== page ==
IHOP’s big “IHOb” reveal hit yesterday, to immediate derision across social media, and potentially worse, some confusion created among its most important audience: the consumer.
What did the “b” stand for? Burgers. The speed and wit with which some of the pancake (burger?) chain’s peers attacked was merciless:
— Qdoba (@qdoba) June 11, 2018
brb changing my name to Netflib
— Netflix US (@netflix) June 11, 2018
👦: Grandpa, do you remember the Great Burger Wars?
👴: lol no I was chillin drinkin milkshakes and trying to make sense of Westworld
— Denny’s (@DennysDiner) June 11, 2018
Inspired by the International House of Burgers announcement, we are also changing our name (Please do not ask what it means — we don’t know either.) pic.twitter.com/0HPQtQirHn
— A&W Restaurants (@awrestaurants) June 11, 2018
With no one more vicious than Wendy’s…
Remember when you were like 7 and thought changing your name to Thunder BearSword would be super cool?
Like that, but our cheeseburgers are still better.
— Wendy’s (@Wendys) June 11, 2018
Setting aside the current hullabaloo, it’s always tricky to comment on the final product of what is typically a long, (theoretically) strategic process of creating a campaign. But we have some questions. We can guess that the goal was to get people to think of IHOP as more than just a breakfast place, and they concluded that highlighting other menu offerings was the way to do that. OK, fine. But…
Make a mental list of all the different burger chains, and you’ll soon be overwhelmed by the sheer number of them: McDonalds, Burger King, Wendy’s, Red Robin, Shake Shack, Steak & Shake, Checkers, Sonic, White Castle, Hardee’s, Cheeburger Cheeburger, Wayback, Roy Roger’s, Fuddruckers, Smashburger, Johnny Rockets, Five Guys, Bareburger, etc., etc.
Now make a mental list all the different pancake chains.
There’s only one. IHOP owns the leadership position in pancakes from an unassailable peak, with no challenger coming close. IHOP means pancakes. They may offer other things on the menu, but they are known for one thing. Of course they want to grow their business, and I’m sure they’ve asked themselves just how far they could expand pancakes. If they needed to grow their lunch and dinner traffic, they could have taken the tack of McDonald’s All Day Breakfast campaign, and celebrated pancakes as a 24/7 indulgence. Who says you can’t have pancakes for dinner? Pulled pork over sweet corn cakes: why not? Just as Arby’s was able to double-down on meat, IHOP could have doubled down on pancakes.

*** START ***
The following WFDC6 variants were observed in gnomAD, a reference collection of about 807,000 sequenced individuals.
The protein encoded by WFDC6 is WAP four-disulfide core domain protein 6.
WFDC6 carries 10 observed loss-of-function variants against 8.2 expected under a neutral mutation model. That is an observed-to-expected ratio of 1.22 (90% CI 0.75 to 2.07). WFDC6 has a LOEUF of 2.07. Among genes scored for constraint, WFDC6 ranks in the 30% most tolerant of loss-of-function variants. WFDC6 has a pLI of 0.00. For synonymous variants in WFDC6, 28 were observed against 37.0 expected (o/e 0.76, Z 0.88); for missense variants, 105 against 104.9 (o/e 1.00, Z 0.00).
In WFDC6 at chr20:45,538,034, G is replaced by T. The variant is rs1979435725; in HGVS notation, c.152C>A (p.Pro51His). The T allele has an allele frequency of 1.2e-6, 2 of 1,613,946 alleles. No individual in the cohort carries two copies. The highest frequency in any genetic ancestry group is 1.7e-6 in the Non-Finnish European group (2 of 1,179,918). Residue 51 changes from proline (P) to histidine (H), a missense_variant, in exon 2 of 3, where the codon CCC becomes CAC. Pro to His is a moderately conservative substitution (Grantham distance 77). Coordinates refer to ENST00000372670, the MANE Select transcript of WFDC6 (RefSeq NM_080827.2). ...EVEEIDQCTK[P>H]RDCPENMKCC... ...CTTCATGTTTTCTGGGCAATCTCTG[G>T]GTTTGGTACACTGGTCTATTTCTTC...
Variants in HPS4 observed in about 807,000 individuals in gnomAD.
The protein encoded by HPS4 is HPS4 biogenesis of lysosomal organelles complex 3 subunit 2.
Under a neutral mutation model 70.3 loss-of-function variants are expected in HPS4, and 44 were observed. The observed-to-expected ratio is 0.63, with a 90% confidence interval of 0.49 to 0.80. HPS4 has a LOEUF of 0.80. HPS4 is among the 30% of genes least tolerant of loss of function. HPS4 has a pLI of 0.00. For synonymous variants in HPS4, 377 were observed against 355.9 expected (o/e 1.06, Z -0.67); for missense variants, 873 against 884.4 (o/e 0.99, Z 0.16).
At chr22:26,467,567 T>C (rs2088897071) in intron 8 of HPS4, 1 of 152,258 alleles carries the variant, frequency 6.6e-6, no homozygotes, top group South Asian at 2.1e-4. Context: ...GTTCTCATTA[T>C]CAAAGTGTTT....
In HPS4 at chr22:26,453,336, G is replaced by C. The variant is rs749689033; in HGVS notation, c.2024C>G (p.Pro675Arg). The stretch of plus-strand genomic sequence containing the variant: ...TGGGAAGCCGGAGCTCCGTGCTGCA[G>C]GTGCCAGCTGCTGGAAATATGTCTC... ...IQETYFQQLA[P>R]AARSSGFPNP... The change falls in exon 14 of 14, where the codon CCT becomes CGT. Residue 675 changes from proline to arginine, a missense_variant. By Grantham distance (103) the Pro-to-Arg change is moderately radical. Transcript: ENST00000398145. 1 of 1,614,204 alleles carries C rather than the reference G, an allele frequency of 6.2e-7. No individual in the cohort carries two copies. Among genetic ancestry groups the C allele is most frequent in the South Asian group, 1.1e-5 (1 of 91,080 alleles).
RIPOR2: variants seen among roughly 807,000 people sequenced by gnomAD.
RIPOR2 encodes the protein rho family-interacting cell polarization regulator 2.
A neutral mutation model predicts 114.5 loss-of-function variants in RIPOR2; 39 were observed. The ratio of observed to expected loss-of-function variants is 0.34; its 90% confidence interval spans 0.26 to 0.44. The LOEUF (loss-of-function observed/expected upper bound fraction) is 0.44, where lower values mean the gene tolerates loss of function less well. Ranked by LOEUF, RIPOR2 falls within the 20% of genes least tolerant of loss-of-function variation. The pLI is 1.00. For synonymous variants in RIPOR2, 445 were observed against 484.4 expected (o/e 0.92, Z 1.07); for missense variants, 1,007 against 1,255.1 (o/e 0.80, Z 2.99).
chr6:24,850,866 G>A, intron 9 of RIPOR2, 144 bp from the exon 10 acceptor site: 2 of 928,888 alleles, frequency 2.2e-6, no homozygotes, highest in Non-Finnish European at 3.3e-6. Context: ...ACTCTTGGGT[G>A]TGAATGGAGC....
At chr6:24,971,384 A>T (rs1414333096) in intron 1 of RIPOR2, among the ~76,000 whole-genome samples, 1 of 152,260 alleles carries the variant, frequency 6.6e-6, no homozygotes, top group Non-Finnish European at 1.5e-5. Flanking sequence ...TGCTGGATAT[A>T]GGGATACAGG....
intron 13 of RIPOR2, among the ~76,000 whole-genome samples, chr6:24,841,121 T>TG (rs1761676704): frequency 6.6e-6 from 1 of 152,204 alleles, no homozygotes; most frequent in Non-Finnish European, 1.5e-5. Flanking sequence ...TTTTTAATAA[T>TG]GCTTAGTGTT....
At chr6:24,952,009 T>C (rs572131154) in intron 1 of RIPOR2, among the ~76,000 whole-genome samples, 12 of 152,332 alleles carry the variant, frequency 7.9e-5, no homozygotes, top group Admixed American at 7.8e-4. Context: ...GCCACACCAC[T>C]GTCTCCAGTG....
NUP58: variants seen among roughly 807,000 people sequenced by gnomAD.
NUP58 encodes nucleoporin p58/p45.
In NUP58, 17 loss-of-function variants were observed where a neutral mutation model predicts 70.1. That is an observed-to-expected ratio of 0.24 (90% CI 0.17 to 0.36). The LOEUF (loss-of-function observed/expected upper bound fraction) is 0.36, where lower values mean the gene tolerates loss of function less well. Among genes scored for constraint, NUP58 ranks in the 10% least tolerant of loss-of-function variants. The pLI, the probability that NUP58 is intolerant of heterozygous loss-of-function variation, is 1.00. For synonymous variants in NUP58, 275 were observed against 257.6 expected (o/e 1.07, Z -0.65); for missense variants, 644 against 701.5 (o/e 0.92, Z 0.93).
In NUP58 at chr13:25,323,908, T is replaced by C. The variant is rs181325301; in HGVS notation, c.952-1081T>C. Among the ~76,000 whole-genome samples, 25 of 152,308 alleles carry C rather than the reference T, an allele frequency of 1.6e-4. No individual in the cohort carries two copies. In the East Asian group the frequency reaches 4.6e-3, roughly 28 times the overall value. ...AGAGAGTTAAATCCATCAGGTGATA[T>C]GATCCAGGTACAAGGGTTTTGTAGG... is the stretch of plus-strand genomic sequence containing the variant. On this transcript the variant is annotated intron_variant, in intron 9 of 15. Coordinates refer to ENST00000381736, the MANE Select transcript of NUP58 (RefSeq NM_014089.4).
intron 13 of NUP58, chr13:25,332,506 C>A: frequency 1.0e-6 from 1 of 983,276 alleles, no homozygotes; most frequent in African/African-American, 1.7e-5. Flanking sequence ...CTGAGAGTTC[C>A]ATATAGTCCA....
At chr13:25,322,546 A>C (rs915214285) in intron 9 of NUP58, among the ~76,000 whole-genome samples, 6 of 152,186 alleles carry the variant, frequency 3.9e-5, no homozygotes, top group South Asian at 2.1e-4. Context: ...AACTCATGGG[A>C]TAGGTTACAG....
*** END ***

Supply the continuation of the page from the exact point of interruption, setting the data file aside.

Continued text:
Or they could have showcased other menu items through a “pancakes + _____” campaign. “Yes, you can have that burger/salad/pasta, but make sure you leave room for pancakes for dessert.” Everything is, actually, better with pancakes, I can say from years of experience.
Instead, they chose to plant a very large flag into the immensely crowded, competitive burger-scape. Worse, to the casual consumer, it may seem as though they are abandoning their flagship product, pancakes—which they own, heart and soul—for a new, untested product.(The change to IHOb is only temporary).
Herein lies the potential problem. There is no doubt that the campaign will make a short term splash, fueled by curiosity, but what is the longer term impact? By confusing the consumer as to what you stand for, you put your brand equity at risk. Instead of staying true to what has made them a popular, massively successful household name over the last 50-plus years, International House of Pancakes Burgers is venturing into shark (and Wendy’s) infested waters.